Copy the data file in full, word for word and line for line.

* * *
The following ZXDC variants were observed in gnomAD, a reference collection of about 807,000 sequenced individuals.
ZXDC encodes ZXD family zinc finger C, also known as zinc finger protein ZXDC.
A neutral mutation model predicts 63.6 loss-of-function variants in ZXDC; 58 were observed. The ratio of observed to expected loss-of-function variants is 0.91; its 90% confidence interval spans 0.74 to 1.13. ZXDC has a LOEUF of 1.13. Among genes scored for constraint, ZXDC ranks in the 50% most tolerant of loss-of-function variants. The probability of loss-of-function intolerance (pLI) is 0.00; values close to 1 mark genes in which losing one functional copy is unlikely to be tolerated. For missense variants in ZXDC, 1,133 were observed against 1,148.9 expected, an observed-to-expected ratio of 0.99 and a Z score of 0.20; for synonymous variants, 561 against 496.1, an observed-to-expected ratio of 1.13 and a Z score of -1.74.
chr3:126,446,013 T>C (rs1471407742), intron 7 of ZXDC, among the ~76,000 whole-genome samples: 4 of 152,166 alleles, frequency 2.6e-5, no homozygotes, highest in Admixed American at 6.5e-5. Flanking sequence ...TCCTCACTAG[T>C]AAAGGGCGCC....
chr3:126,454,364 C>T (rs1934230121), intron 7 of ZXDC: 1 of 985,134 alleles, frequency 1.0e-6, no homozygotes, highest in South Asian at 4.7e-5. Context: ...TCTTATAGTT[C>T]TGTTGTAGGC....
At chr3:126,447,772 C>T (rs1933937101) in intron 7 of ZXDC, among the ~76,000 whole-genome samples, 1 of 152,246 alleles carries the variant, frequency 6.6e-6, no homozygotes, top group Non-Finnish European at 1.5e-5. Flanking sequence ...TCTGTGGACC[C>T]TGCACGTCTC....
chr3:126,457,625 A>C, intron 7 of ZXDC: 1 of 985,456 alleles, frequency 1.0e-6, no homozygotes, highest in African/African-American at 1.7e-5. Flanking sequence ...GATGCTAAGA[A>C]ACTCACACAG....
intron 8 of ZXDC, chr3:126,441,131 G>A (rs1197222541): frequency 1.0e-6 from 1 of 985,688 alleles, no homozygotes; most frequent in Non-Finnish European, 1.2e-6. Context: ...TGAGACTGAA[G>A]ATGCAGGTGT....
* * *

The following ZXDC variants were observed in gnomAD, a reference collection of about 807,000 sequenced individuals.
ZXDC encodes ZXD family zinc finger C, also known as zinc finger protein ZXDC.
A neutral mutation model predicts 63.6 loss-of-function variants in ZXDC; 58 were observed. The ratio of observed to expected loss-of-function variants is 0.91; its 90% confidence interval spans 0.74 to 1.13. ZXDC has a LOEUF of 1.13. Among genes scored for constraint, ZXDC ranks in the 50% most tolerant of loss-of-function variants. The probability of loss-of-function intolerance (pLI) is 0.00; values close to 1 mark genes in which losing one functional copy is unlikely to be tolerated. For missense variants in ZXDC, 1,133 were observed against 1,148.9 expected, an observed-to-expected ratio of 0.99 and a Z score of 0.20; for synonymous variants, 561 against 496.1, an observed-to-expected ratio of 1.13 and a Z score of -1.74.
chr3:126,446,013 T>C (rs1471407742), intron 7 of ZXDC, among the ~76,000 whole-genome samples: 4 of 152,166 alleles, frequency 2.6e-5, no homozygotes, highest in Admixed American at 6.5e-5. Flanking sequence ...TCCTCACTAG[T>C]AAAGGGCGCC....
chr3:126,454,364 C>T (rs1934230121), intron 7 of ZXDC: 1 of 985,134 alleles, frequency 1.0e-6, no homozygotes, highest in South Asian at 4.7e-5. Context: ...TCTTATAGTT[C>T]TGTTGTAGGC....
At chr3:126,447,772 C>T (rs1933937101) in intron 7 of ZXDC, among the ~76,000 whole-genome samples, 1 of 152,246 alleles carries the variant, frequency 6.6e-6, no homozygotes, top group Non-Finnish European at 1.5e-5. Flanking sequence ...TCTGTGGACC[C>T]TGCACGTCTC....
chr3:126,457,625 A>C, intron 7 of ZXDC: 1 of 985,456 alleles, frequency 1.0e-6, no homozygotes, highest in African/African-American at 1.7e-5. Flanking sequence ...GATGCTAAGA[A>C]ACTCACACAG....
intron 8 of ZXDC, chr3:126,441,131 G>A (rs1197222541): frequency 1.0e-6 from 1 of 985,688 alleles, no homozygotes; most frequent in Non-Finnish European, 1.2e-6. Context: ...TGAGACTGAA[G>A]ATGCAGGTGT....